Ever watch a kid with his first pair of redtops? If you haven’t, you’ve missed half your life. And it you haven’t seen Cooney Werner with his on, you have missed the whole momentous era. They came, express prepaid, from Germany the other day, from an uncle who wished to present a token of remembrance to the nephew who bore the name of his brother. Cooney, or more properly speaking Conrad Junior, was the nephew, thereby the boots. Cooney’s pedal extremities would never accommodate themselves to Cinderella’s footgear, but the illustrious uncle wisely remembered the family characteristics—and the boots fit to a capital T.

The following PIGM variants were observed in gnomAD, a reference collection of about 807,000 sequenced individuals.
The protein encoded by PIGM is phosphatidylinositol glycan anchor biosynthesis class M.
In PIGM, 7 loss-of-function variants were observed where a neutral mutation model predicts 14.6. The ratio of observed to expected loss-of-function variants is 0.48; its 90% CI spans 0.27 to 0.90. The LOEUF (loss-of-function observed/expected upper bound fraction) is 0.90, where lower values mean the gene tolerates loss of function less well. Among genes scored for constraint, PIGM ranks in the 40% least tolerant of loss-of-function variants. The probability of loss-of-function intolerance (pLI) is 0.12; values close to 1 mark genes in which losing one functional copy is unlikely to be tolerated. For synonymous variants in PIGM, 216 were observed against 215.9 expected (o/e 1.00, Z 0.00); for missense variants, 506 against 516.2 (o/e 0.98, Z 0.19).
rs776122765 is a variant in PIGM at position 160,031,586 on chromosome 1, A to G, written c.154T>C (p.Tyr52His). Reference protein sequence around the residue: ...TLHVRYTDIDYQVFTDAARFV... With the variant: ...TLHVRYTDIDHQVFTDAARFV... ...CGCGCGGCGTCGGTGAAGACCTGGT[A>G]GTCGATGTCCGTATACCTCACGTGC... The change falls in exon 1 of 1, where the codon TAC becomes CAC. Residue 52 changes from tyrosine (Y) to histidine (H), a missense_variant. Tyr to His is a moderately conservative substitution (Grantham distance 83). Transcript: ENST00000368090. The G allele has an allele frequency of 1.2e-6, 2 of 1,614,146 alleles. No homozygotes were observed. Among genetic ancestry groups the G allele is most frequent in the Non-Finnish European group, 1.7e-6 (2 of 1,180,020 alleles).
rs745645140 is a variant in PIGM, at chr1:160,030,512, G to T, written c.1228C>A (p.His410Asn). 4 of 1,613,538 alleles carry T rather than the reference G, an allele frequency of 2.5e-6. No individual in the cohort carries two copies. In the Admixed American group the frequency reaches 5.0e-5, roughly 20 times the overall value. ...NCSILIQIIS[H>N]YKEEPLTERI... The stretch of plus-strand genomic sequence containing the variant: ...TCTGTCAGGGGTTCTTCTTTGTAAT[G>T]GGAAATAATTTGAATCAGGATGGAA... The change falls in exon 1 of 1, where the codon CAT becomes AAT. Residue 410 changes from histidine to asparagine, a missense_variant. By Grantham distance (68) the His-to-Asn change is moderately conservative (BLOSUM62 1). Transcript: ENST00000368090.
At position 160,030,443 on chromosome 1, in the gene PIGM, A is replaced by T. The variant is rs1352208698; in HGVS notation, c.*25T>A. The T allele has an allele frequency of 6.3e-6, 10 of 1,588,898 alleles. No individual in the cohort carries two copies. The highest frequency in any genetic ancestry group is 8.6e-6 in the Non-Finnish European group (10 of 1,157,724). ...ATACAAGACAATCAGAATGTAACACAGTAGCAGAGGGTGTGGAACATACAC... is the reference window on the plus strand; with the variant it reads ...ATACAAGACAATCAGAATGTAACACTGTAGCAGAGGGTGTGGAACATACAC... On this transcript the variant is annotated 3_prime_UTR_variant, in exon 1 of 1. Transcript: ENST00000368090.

Not only does the material show what the German can do with the American calf, but the workmanship of the German shoester would tend to make the quick-hurry American machines feel like a 10-cent peggin.-awl. What may have been the cost in the fatherland is a matter immaterial, but we notice a cheap imitation listed in a Chicago catalogue house at $14.99—the scent thrown off and the freight added. A dressmaker might describe the mouse-colored hue, the flap-doodle insertion and the bias trimmings—but you will never know what they are till you see ’em. After imparting all this information to the Enterprise reporter, Cooney left with the positive injunction that he would put the boots to the man who said anything detrimental to ‘us Yermans..
Source: Battle Creek Enterprise, Thursday, February 17, 1919, page 1.